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## Comments

Hi MSB,

The best way to understand the shape of the prior is to inspect the plots. A Cauchy prior with of 0.6 still has the center of the mass at zero. When specified as a 2-sided test, this means that 50% of prior mass falls between -0.6 and +0.6. This may sound rather wide but keep in mind that the prior is centered on zero, assigning most mass to values very close to zero. We are working on modules that allow one to specify priors with a location parameter away from zero. Until that time, I recommend to set the width at the default value (at least). Making it smaller causes H1 to behave like H0, leading to an uninformative test.

For the correlation test, parameter rho ranges from -1 to 1. So we take a Beta(a,a) prior (which ranges from 0 to 1), we stretch it so that it ranges from -1 to 1 (this is the Beta* distribution) and then the prior width is given by 1/a. So when you set the prior width to 1/2, you should recognize the shape of a Beta(2,2) distribution.

Cheers,

E.J.

If I understand you correctly,

If I have a one-tailed hypothesis that rho is (-0.4), I would set the beta* prior to 0.4*2=0.8 and test for a negative correlation - this would give me a distribution with 50% of prior mass between 0.0-(-0.4) and 50% of prior mass between (-0.4)-(-1.0).

Right?

As for t-tests, unfortunately sometimes the default prior is just too wide for some smaller effect sizes (robustly small :-( ).

Hi MSB,

(1) The interpretation I gave (50% mass between -x and x) only holds for the Cauchy prior, which is used for the t-test. It does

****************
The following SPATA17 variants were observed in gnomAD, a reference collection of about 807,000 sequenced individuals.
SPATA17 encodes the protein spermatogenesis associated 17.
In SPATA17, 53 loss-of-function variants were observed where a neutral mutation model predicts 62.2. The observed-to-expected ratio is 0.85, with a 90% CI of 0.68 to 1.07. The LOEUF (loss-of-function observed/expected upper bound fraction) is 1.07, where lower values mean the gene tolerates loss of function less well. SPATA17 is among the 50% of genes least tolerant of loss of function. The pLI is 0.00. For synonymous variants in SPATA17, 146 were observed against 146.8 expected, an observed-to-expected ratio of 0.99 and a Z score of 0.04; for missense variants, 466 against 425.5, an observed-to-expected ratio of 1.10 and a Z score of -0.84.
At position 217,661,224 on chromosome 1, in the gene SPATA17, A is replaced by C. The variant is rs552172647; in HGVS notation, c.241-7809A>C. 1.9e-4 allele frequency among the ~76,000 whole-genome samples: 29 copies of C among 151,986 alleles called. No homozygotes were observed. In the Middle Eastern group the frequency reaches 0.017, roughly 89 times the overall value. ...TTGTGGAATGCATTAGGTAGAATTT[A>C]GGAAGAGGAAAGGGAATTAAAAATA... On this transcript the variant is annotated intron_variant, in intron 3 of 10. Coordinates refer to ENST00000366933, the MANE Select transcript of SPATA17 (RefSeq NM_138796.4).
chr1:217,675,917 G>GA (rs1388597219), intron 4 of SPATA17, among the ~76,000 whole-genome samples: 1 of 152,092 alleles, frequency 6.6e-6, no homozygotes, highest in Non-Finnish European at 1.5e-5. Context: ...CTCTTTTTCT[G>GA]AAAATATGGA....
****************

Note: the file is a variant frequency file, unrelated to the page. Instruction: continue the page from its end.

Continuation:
nothold for the beta-star prior, which is used for the correlation test. It is best to just inspect the prior distribution visually, which is relatively straightforward in case of rho.(2) If you really want to test H0: rho=0 against H1: rho=-0.4, then you want a likelihood ratio. The question then becomes, how can you be so sure about the value of -0.4? Anyway, I expect new versions of JASP to include this kind of likelihood ratio testing as well.

(3) For your correlation problem, I would simply use the uniform prior and do a one-sided test, potentially exploring robustness by changing the prior width somewhat.

(4) I cannot stress this enough: if you want to have the alternative hypothesis predict predominantly small effect sizes (so have Cauchy prior width equal to 0.3 or something) you

alsohave to shift the location parameter away from zero. Otherwise the models just become indistinguishable. So there are two opposing forces: (I) a large width can work against H1 when the true effect is relatively small; (II) centering the prior on zero works in favor of H1 when H0 is true. Ideally the user can change both -- this is in the works but not implemented yet. Until it is implemented, my advice is not to stray too much from the default settings. It is fine to go subjective but it can be dangerous to stop halfway.Cheers,

E.J.

Hi EJ,

I sure do like the subjective part of Bayesian inference - but I think I understand your point.

Looking forward to all the awesome things coming out in future releases.

Until then - thanks again!

M

I have a similar question. I'm looking at a Bayes ANCOVA in JASP. I want to try and make sure I'm including as much of an informed prior is possible for my model comparison. I'm testing whether or not a certain level of training results in higher levels of certain practices. There's some prior research to suggest the effect of this training is in the area of .20 - .40 d. So it's greater than a null or uninformed prior. How do I incorporate this prior information into a Bayesian ANCOVA prior in a JASP ANCOVA?